Anyways, the hike on day four was relatively easy. Starting at around 3200 m, we descended to the Intipata ruin site, and continued on to Winaywayna, which is essentially the last trail control point before Machupicchu. Winaywayna (the hiking stop) actually has some semblance of modernity, with electricicty, showers, and a bar. Winaywayna (the ruin site) also served as a checkpoint/ rest stop for Quechua messengers running throughout the empire. It also served as an agricultural production site that supported the priests and artisan classes living at Machupicchu.

Continuing from Winaywayna, the trail falls and rises a few more km's through sub-tropical rainforest until you reach the sharp, vertical climb to Intipunku, the Sun Gate and final Inca checkpoint. From here, you can see the amazing wonder that is Machupicchu. It should be noted that Intipunku also served an important astronomical purpose for the Incan calendar - during the winter solstice, the sun passes over Intipunku and through the middle window in the Temple of the Sun (in Machupicchu).

After about 45 minutes more of hiking and a few hundred meters descent, we arrived in Machupicchu! I know this seems a bit anticlimactic, but it's much better for everyone to view the picutres here than for us to write about it. It certainly is a breathtaking place and we have no words to do justice to this New World Wonder. We were lucky to have a private tour with David - who is a native Quechuan and has studied extensively the ancient culture and the entire Incan Sacred Valley - to offer significant insight into each individual structure at Machupicchu.

Here we have to revisit the conversation about the strike (please note that for the majority of the following events, we didn't take pictures because it could have really stirred things up). We had to cut out our next-day visit to Machupicchu short because the workers' strike was imminent. It essentially came down to the choice of 1) Being stuck in Aguas Calientes (the closest town to the archaeological site) for two extra days with more expensive lodging, fewer supplies, and much less safety, or 2) Leaving Aguas Calientes on the last train and hopefully getting back to Cusco and staying in the hotel. We opted for option 2 on the advice of David and Carlos. It became immediately clear that this was the best option after we arrived in Aguas Calientes - when we stepped off the bus we were greeted (literally) by Amazonian tribesmen who had apparently miscommunicated with the strike organizers and showed up a day early. These men, who were carrying spears and bows with their signs, were sitting on the train tracks stopping the trains from going out. This was strange, even for the locals, because Aguas Calientes is probably over 1000 miles from their home (there has been some suspicion that Hugo Chavez is behind their efforts, providing transportation and signs printed in english, despite the fact that most of the natives don't speak even Spanish as a first language, let alone read and write in another).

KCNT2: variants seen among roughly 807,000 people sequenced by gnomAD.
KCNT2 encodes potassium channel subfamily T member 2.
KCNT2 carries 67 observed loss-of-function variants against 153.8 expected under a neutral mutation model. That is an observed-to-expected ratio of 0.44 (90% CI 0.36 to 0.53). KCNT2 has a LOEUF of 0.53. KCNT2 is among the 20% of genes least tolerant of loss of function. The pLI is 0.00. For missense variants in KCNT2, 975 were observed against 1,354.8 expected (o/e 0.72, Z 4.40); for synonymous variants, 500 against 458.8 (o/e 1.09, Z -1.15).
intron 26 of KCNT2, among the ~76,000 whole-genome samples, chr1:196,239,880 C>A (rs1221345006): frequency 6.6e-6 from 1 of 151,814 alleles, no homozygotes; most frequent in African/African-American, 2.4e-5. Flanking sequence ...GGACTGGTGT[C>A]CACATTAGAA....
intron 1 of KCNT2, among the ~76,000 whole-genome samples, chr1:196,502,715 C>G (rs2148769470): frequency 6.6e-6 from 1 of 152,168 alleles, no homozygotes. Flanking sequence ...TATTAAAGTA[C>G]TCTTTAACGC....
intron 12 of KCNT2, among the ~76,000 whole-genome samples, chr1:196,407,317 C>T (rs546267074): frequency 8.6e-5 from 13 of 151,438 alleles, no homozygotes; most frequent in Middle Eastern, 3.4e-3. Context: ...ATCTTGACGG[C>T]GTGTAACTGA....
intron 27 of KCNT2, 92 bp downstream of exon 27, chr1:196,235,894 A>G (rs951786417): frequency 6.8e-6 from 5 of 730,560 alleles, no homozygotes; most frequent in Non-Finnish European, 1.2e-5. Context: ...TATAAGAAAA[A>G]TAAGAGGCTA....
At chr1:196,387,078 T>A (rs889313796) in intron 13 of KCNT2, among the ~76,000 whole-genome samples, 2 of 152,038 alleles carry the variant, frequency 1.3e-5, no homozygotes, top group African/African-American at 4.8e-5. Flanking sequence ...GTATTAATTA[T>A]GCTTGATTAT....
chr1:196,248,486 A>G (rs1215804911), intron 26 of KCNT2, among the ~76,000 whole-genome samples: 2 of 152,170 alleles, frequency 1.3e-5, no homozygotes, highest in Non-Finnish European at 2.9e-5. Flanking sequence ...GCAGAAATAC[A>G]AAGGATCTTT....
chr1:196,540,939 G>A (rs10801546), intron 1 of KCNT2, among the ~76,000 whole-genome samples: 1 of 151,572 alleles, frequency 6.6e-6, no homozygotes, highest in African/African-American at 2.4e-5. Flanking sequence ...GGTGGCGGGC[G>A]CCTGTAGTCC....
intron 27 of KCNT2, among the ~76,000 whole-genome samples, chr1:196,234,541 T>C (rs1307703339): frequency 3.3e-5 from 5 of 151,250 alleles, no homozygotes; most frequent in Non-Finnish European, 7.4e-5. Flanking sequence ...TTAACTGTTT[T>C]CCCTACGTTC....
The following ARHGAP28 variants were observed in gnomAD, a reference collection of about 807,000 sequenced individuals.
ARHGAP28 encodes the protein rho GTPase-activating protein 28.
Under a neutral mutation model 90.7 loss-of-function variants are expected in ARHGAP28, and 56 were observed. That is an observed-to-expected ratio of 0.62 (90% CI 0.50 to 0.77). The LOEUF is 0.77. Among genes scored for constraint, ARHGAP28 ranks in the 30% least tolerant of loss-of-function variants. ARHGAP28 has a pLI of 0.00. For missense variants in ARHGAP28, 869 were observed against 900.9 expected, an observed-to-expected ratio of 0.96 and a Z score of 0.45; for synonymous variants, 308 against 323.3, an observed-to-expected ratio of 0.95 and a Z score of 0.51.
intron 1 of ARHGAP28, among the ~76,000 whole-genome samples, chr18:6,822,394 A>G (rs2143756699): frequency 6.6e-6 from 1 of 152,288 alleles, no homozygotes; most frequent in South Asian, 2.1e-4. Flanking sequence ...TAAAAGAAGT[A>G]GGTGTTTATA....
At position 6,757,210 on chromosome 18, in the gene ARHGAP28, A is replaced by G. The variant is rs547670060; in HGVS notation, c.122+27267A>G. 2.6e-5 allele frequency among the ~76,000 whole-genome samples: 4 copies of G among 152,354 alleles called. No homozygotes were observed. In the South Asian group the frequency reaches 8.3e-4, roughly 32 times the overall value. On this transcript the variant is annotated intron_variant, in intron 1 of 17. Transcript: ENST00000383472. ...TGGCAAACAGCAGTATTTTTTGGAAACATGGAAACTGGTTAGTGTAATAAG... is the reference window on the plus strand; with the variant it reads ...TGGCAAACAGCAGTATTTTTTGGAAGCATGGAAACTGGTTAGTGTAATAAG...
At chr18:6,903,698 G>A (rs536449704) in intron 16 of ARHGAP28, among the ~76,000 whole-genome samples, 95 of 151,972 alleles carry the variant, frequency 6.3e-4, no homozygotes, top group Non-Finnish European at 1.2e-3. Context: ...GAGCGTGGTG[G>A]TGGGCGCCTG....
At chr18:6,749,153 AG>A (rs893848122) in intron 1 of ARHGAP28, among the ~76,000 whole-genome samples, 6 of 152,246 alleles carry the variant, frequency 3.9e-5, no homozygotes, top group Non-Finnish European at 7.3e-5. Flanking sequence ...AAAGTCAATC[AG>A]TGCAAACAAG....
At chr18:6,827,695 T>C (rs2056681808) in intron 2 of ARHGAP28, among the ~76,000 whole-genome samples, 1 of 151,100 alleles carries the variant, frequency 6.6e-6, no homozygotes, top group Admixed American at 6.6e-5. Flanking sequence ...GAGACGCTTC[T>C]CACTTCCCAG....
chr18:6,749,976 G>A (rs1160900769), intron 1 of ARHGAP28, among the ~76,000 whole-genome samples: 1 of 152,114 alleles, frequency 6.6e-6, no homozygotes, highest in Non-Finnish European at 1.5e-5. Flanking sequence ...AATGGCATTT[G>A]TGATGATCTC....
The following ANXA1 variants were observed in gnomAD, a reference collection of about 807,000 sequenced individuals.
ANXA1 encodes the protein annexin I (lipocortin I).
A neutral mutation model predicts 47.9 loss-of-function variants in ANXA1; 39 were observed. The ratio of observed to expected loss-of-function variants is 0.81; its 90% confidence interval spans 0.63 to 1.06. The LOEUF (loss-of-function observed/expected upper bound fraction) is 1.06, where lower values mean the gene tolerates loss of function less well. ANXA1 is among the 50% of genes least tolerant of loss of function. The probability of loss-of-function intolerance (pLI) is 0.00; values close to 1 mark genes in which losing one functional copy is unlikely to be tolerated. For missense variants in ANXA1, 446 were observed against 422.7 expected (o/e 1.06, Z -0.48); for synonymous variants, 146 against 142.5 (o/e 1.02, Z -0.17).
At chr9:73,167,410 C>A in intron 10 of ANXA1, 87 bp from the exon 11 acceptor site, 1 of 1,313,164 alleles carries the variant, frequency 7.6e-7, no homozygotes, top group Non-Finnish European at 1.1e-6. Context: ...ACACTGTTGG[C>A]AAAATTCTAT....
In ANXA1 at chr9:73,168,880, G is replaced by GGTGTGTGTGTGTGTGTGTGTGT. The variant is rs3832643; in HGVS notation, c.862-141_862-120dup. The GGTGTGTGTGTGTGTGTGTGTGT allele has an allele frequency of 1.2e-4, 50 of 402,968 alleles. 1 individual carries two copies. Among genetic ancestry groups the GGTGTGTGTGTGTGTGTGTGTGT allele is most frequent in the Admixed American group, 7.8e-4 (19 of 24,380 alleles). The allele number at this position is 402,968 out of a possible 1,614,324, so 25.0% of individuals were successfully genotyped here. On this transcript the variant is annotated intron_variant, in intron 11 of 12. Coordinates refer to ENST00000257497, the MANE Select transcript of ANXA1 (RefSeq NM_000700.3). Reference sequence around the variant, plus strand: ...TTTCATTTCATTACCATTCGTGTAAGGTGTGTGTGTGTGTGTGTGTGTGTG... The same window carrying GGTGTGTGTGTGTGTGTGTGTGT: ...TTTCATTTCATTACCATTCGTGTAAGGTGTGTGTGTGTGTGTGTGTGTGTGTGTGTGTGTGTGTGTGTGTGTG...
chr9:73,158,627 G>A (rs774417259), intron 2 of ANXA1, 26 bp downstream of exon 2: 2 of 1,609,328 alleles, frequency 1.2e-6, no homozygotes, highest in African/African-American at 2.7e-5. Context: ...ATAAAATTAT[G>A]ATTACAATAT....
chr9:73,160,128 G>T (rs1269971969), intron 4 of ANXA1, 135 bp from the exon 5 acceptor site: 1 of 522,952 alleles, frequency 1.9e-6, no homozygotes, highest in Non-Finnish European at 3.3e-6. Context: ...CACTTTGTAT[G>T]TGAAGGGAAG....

There was no violence, and many of the natives were friendly, so we calmly went about our business of eating our first restaurant meal in four days - Casey had lomo saltado (kind of like a beef and vegetable sautee), and Ashley ate a Peruvian-style hamburger (plain, of course), and both enjoyed a cold Fanta and a Cusquena. A table away our guides were eating, and we later found out that David had been in talks with the strike leader to see if he could get our group out of town - otherwise, we would need to hole up in the hotel and hope to stay out of the way. Aguas Calientes is a very small town - it literally has about a half-mile stretch of shops and hotels, all situated one way by the Urubamba river, and another by the railroad tracks. David was also negotiating to get us (himself included) train tickets out on the 9:10 PM train - no easy feat because the PeruRail tickets are usually booked up well in advance by hikers, and it was the last scheduled train for three days, thanks to the transportation workers also scheduled to strike. We finished dinner and strolled around town a bit, visited an internet cafe, and had some ice cream. Upon our return to the street, we found out that David and Carlos had gotten us onto the train, and David had talked the workers into leaving the tracks to let the train pass!

We went to the train station, where the National Police had also been called out to escort tourists onto the train and to keep things safe (if necessary). We ended up waiting for the train until about midnight, when it finally pulled into the station. We're not sure exactly what happened between nine and midnight, but we think the rail workers needed some convincing to keep working, and to make sure that it would be safe for them to operate the train, and that there would be no more strikers sitting on the track. We arrived by train in Ollantaytambo around 2 AM, and got on a bus for the hour and a half ride to Cusco. Getting out of town and onto the highway was no problem, but once we neared Cusco the bus got a police escort to get down into the valley where the city is situated - the road down to Cusco is very narrow, cuts through several rundown neighborhoods, and is poorly marked.